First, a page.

Is it possible to truly avoid capital gains tax? If, by avoid, you mean defer and reduce, then the answer is a definite yes. If structured correctly, some capital gains can completely avoid taxes. At some point, the IRS will come looking for their share. When the time comes, there are a few ways to hand over less and, in some cases, none at all. Here are five of them.
A 1031 Exchange is named after the 1031 IRS code section. It allows you to sell an investment property and use the proceeds to buy a new property of like-kind. Basically, that means a new investment property of equal or greater value. The basis from the relinquished property in a 1031 is carried over into the replacement property. The catch is that the replacement property must be identified within 45 days of closing the relinquished property and needs to be closed within 180 days. You must also use the same entity throughout the process (i.e., individual, LLC, etc.).
A 1031 is specific to investment properties. Meaning, a property “used in a trade or business or held for investment.” You can’t 1031 your primary residence for another primary residence. For tax avoidance on a primary residence, check IRS code section 121. It states that the property (i.e., primary residence) must have been held for two of the last five years. Those meeting this requirement are able to exclude $250,000 of gains, if filing single, and $500,000, if married filing jointly.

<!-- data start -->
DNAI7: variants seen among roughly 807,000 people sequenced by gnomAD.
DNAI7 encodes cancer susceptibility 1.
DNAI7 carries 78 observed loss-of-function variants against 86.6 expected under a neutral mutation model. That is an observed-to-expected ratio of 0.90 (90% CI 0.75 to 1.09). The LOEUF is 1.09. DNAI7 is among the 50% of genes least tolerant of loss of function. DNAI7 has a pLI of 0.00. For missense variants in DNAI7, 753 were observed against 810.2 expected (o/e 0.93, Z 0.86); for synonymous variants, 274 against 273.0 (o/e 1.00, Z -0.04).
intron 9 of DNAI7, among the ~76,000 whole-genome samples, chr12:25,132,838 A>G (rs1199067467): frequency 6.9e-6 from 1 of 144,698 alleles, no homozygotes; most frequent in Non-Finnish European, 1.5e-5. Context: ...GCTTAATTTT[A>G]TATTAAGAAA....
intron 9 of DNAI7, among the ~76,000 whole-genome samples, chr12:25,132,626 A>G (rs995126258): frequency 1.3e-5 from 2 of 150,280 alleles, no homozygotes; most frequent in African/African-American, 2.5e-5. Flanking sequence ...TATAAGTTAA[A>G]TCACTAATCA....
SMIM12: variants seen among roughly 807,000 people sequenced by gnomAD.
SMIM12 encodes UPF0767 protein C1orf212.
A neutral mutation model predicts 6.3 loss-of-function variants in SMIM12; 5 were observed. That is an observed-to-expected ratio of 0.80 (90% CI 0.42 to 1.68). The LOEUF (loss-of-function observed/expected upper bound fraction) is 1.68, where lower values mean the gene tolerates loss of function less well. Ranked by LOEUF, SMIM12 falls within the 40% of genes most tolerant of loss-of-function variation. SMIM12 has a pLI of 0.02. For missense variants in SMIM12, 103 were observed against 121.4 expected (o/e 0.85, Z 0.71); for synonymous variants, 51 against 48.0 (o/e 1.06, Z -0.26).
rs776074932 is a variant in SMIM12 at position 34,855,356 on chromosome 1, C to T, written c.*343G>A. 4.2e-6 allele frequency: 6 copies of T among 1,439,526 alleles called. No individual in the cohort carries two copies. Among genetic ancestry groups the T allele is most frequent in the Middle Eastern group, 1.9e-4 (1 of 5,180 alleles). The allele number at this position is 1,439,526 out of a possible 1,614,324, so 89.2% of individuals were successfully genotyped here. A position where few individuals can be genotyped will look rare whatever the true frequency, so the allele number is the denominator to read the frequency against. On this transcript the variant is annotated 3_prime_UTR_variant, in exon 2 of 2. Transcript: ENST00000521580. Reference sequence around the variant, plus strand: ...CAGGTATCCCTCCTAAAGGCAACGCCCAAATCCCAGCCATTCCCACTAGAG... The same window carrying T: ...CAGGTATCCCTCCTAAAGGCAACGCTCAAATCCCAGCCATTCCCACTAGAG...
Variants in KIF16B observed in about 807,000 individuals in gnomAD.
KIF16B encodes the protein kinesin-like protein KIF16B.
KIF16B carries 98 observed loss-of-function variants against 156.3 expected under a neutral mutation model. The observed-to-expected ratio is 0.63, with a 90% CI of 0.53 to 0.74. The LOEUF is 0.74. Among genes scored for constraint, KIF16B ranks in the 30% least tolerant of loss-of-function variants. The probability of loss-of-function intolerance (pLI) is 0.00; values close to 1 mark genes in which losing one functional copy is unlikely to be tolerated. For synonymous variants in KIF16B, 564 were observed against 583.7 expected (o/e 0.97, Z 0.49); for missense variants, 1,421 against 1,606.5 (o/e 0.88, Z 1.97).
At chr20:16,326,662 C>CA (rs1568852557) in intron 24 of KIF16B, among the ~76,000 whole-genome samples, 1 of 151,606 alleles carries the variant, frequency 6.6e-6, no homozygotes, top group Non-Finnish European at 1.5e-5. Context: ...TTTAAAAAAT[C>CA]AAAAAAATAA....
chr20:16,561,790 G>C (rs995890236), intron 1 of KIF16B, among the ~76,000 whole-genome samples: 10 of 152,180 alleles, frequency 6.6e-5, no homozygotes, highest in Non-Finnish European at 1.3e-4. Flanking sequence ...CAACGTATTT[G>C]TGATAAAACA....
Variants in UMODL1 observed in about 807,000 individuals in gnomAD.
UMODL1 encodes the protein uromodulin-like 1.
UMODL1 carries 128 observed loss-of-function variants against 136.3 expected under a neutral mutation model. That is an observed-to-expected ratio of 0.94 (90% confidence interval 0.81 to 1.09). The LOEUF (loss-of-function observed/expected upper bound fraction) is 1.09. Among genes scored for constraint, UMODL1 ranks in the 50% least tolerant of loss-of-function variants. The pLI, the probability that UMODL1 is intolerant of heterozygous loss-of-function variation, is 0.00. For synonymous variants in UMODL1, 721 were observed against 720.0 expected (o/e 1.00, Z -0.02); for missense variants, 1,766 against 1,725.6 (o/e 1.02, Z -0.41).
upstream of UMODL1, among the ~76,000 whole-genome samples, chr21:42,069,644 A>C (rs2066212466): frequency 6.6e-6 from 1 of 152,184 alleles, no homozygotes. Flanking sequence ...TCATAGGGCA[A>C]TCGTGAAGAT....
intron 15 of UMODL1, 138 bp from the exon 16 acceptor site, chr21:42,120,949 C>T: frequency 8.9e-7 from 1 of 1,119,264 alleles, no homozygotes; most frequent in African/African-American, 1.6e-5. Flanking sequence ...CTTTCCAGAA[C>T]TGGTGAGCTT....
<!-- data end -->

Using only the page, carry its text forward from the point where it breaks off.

Qualified Opportunity Zone (QOZ) Investment
With a QOZ investment, your gain must be invested within 180 days from the date of sale of the capital asset. If this sounds familiar, that’s because it is similar to the 1031 exchange 180-day rule, but Qualified Opportunity Zone investments do not have the same 45-day identification rule. The primary difference between the two transactions, however, is that only the gain needs to be reinvested in the QOZ investment - meaning your principal can be pocketed on a tax-deferred basis. Eligible capital gains are defined in IRS section 1400Z-2. These gains include:
- Gains from stocks and sale of a business.
- Section 1231 gains.
- Short-term and long-term capital gains.
As you may know, any gain reinvested into a QOZ before December 31, 2021, may be deferred until 2026 with a potential 10% reduction to the original taxes owed. Although this deferral opportunity is attractive, perhaps the most attractive aspect of a QOZ investment is the ability to receive a full step-up in basis upon liquidation of the fund. This means investors will not be liable for taxes on any gain derived from the fund itself (if the investment is held in the fund for at least 10 years).